The purpose of this PC is mainly to look up Datasheets, view Schematics/PCB files, and to run a Windows XP 32 Virtual machine to run my laser cutter's 32bit drivers.

I decided I wanted to create a small acrylic case for the PC and mount it under the new desktop. I did a search on Udoo's forums and found a opensource case by WalkingRobot. I imported his files; but knew I'd have to modify them for several reasons.

  • I had an 80mm SSD instead of the stock 60mm
  • I didn't want the complete cut outs for the Arduino 101.
  • I wanted to add some WIFI Antenna mounts.

I pulled out QCAD and re-engineered the case for my needs. This was my final CorelDraw file I sent to my Laser cutter:
PC CasePC Case
I actually went thru an intermediate step when I printed the center top... but quickly realized that I need the wifi antennas during final testing.

I laser cut the acrylic case out of some scrap 1/8" smoke acrylic I had laying around from my computer mod days. Here's the finished case mounted together with some #6-32 standoffs, some nuts, and scome screws:
Finished Udoo CaseFinished Udoo Case

I mounted it to the side of the drawer so it'd be out of the way from my knees and what not.
Mounted PCMounted PC
The PC is mounted to drawer with some #6 woodscrews.

Next; I turned my attention to how I was going to work with the PC. I need a monitor, hdmi preferably. Turns out I had a monitor arm right there... so use it. I had picked up a small "10 inch test monitor" off of Amazon in Feb of last year. It's intention was to be small so I could debug computers on the work bench... but honestly; the monitor has several killer issues which makes it difficult to use. 1) it's bezel is too big; so things like the windows start button get cut off. 2) it doesn't like the early boot mode of the udooX86. It's really can't be used in bios settings; only when the system is booting and when the resolution has been "shrunk" to fit within the bezel. But it was cheap-ish... so might as well use it. If I were buying a new monitor for this rig; I'd probably go with something like this:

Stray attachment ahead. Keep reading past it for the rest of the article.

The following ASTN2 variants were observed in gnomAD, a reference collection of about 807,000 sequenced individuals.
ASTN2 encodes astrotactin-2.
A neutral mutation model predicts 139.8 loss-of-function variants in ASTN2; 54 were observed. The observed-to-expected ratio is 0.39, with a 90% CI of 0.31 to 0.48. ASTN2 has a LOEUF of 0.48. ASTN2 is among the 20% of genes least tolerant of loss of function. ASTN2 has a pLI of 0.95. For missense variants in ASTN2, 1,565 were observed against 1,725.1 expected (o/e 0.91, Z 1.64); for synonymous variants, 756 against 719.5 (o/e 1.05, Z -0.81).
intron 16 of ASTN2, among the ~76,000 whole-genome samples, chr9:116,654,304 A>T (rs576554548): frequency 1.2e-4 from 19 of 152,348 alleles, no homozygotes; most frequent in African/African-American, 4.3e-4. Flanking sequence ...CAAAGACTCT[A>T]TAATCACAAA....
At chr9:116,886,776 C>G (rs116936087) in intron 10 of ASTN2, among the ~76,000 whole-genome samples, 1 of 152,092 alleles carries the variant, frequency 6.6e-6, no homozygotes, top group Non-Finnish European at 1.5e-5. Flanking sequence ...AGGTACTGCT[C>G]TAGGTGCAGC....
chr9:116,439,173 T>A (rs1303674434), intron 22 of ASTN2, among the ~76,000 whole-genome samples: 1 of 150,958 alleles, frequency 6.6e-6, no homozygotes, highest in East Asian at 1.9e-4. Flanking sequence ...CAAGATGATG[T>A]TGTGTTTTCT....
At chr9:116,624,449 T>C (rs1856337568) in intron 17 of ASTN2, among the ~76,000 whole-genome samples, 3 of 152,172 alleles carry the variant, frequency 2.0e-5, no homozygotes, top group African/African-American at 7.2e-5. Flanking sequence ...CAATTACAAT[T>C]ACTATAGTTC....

11.6 1920x1080 display with 10point touch.

I wanted to mount to my scope's new monitor arm; so I created a right angle 75mm bracket in QCAD and laser cut it:
75mm RA bracket75mm RA bracket

Using a heat gun and some clamps; I bent the bracket at the dotted line:
A Right-ish AngleA Right-ish Angle

and mounted it with the leftover amazon hardware and some spare 4mm nuts I had on hand: